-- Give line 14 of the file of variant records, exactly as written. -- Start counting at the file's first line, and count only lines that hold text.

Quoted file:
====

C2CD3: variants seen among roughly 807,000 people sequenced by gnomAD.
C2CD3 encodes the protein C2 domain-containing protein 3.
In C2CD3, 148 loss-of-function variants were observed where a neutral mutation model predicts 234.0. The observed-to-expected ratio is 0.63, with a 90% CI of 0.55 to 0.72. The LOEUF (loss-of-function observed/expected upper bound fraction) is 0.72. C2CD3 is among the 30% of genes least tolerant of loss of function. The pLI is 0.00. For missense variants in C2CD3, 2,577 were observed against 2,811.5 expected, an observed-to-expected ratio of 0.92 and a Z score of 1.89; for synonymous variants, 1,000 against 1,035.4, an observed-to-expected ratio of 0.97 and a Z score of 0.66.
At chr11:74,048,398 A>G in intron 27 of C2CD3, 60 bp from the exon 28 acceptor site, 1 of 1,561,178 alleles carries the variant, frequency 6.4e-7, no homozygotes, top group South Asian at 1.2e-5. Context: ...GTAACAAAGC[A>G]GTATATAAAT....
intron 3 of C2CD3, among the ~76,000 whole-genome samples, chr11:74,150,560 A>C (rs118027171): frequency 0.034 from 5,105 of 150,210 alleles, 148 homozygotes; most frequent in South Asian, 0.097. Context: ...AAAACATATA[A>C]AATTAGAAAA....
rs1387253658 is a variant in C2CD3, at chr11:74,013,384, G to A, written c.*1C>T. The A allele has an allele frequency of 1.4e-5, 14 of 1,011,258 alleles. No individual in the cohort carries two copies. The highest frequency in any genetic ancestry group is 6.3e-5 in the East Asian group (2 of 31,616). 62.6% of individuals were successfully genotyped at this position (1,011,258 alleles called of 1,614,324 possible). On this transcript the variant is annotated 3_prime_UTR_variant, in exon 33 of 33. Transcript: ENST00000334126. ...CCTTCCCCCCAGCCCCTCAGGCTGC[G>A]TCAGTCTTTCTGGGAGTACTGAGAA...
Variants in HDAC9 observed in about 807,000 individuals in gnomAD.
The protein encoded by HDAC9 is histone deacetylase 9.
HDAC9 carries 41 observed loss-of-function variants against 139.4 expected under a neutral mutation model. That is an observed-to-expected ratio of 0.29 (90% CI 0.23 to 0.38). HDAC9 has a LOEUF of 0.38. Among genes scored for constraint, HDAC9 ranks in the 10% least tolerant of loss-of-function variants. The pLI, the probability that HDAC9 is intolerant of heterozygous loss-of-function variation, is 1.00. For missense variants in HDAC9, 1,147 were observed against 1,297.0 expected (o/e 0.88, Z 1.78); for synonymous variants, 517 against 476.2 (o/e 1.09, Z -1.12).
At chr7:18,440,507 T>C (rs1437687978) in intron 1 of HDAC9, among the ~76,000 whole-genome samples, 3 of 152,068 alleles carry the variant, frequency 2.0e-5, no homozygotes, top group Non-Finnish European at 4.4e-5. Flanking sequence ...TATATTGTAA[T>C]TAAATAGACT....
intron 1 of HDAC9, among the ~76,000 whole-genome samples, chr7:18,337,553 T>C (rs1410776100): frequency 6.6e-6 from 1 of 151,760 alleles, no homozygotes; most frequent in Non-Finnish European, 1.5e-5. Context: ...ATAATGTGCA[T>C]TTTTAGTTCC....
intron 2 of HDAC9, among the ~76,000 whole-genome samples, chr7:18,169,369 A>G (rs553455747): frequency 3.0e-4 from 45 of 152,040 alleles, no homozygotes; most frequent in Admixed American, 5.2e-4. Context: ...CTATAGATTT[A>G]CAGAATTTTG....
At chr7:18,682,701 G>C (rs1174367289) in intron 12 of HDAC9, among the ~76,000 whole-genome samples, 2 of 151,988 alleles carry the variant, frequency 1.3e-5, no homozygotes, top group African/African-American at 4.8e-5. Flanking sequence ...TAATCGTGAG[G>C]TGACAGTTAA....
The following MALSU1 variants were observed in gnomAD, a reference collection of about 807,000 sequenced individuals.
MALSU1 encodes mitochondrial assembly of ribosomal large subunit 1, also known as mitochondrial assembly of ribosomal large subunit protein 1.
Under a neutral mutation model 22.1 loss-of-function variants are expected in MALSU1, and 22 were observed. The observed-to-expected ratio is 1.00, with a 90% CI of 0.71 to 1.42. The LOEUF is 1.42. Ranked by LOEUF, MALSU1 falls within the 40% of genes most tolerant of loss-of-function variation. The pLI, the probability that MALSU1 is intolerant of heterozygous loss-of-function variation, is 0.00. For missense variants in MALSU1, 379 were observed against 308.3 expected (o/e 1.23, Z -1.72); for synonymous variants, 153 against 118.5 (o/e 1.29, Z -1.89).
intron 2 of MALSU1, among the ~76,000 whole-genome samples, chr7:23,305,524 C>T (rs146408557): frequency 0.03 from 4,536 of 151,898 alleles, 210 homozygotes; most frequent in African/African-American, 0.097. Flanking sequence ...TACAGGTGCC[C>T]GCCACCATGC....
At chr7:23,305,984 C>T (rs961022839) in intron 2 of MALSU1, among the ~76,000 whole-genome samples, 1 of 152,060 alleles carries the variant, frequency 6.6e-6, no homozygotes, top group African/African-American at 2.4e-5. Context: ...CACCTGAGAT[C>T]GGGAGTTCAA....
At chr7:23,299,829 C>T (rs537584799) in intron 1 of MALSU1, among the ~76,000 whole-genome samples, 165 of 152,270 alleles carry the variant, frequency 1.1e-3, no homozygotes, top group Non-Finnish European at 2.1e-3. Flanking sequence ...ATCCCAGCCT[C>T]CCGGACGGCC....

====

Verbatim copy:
The following MALSU1 variants were observed in gnomAD, a reference collection of about 807,000 sequenced individuals.